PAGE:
Hildegar (bishop of Cologne)

Hildegar (also Hildiger or Hildeger; died 8 August 753) was the bishop of Cologne from 750.[1] Probably of noble birth, he was a supporter of the Carolingians, who displaced the Merovingians in 751.

After the appointment of Eoban to the diocese of Utrecht by the missionary bishop Boniface, Hildegar claimed metropolitan rights over the see.[2] Boniface denied the charge in a letter to Pope Stephen II,[3] although Marco Mostert has indicated that Boniface's narrative and arguments are flawed, if not outright lies.[4]

After a group of Saxons ravaged Francia, burning thirty churches, King Pippin the Short led a punitive expedition with "a large siege train" (magno apparatu) against them.[5] Hildegar took part in the war and died defending the fortress (castrum) of Juberg or Iburg (Ihburg) near Osnabrück.[6] He was probably commanding the levies of Cologne as a garrison.[6][7]


  1. ^ Collins 1998, p. 47.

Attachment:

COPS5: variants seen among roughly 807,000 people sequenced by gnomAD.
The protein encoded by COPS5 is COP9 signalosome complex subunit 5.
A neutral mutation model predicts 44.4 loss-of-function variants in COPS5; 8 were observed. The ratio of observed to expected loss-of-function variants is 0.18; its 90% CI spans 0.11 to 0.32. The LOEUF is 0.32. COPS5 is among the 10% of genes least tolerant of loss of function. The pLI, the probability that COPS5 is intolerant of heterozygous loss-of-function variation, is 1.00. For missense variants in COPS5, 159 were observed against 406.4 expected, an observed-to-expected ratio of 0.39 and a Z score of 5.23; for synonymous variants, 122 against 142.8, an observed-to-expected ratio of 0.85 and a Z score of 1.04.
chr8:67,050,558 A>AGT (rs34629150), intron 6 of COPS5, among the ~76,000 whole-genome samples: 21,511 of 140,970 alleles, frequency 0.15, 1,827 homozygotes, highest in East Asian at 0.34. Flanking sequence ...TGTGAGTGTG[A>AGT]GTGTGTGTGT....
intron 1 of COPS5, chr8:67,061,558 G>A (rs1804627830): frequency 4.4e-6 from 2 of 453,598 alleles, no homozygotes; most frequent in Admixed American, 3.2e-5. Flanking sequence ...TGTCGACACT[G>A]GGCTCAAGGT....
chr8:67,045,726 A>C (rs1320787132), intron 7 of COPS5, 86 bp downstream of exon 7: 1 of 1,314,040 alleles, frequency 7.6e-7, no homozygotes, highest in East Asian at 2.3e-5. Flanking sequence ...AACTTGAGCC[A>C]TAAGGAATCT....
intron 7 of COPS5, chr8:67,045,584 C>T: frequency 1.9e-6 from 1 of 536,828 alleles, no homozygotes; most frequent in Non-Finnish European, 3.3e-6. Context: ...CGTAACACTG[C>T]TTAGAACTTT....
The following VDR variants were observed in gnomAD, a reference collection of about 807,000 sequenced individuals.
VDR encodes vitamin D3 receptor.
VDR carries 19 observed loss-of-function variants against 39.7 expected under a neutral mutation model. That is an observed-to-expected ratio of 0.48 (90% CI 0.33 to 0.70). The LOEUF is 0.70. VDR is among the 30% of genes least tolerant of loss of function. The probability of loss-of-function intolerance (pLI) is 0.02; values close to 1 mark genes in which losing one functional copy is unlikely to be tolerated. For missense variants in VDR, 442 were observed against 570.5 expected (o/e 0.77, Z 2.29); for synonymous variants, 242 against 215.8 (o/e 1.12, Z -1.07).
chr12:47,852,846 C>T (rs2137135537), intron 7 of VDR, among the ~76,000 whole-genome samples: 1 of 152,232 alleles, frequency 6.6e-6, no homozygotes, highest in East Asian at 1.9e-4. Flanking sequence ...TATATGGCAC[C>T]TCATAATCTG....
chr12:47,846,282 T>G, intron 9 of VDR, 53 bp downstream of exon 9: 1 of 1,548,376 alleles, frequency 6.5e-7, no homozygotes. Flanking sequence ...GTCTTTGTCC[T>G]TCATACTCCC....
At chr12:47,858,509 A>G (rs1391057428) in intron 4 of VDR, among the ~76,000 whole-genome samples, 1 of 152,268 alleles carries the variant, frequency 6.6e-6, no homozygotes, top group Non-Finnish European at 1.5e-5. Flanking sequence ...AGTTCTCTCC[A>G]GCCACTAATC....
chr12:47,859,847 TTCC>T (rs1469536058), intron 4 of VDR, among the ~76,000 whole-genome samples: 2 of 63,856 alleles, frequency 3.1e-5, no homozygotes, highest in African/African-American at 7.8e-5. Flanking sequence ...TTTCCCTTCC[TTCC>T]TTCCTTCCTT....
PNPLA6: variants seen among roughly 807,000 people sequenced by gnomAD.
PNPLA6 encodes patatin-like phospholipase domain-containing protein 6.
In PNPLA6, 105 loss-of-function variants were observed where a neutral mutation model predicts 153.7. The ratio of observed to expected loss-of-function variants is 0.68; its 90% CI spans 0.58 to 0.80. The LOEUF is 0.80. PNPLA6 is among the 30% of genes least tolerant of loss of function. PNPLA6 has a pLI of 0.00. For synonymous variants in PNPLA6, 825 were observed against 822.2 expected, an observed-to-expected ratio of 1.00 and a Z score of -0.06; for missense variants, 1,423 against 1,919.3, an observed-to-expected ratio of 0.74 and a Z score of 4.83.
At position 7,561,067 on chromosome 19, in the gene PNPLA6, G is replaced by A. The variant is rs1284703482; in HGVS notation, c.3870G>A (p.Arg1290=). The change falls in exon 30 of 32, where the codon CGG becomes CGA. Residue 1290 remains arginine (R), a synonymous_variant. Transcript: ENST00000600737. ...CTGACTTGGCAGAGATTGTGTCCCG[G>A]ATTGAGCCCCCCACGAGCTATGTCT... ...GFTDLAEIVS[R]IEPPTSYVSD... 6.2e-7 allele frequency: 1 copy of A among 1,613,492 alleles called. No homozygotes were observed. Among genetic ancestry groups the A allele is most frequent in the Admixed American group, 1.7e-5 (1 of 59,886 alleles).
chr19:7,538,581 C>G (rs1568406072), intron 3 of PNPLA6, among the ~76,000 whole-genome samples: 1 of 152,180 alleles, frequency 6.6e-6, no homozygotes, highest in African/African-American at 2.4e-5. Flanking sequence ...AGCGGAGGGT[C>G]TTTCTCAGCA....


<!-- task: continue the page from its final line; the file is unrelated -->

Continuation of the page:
2. ^ Knibbs 2011, p. 31.
  3. ^ Farmer 2011, p. 107.
  4. ^ Mostert 1995.
  5. ^ Hines 2003, p. 300.
  6. ^ a b Petersen 2013, p. 248 n. 199.
  7. ^ Bachrach 2001, p. 287.


  • Bachrach, Bernard (2001). Early Carolingian Warfare: Prelude to Empire. Philadelphia: University of Pennsylvania Press.
  • Collins, Roger (1998). Charlemagne. Toronto: University of Toronto Press.
  • Farmer, David, ed. (2011). "Cunibert of Cologne". The Oxford Dictionary of Saints (5th rev. ed.). Oxford: Oxford University Press. pp. 107–08.
  • Hines, John (2003). "The Conversion of the Old Saxons". In Green, D. H.; Siegmund, F. (eds.). The Continental Saxons from the Migration Period to the Tenth Century: An Ethnographic Perspective. Woodbridge: Boydell. pp. 299–313.
  • Knibbs, Eric (2011). Ansgar, Rimbert, and the Forged Foundations of Hamburg-Bremen. Farnham: Ashgate.
  • Mostert, Marco (1995). "Bonifatius als Geschiedvervalser". Madoc: Tijdschrift voor Mediëvistiek. 9 (1): 213–21.
  • Petersen, Leif Inge Ree (2013). Siege Warfare and Military Organization in the Successor States (400–800 AD): Byzantium, the West and Islam. Leiden: Brill.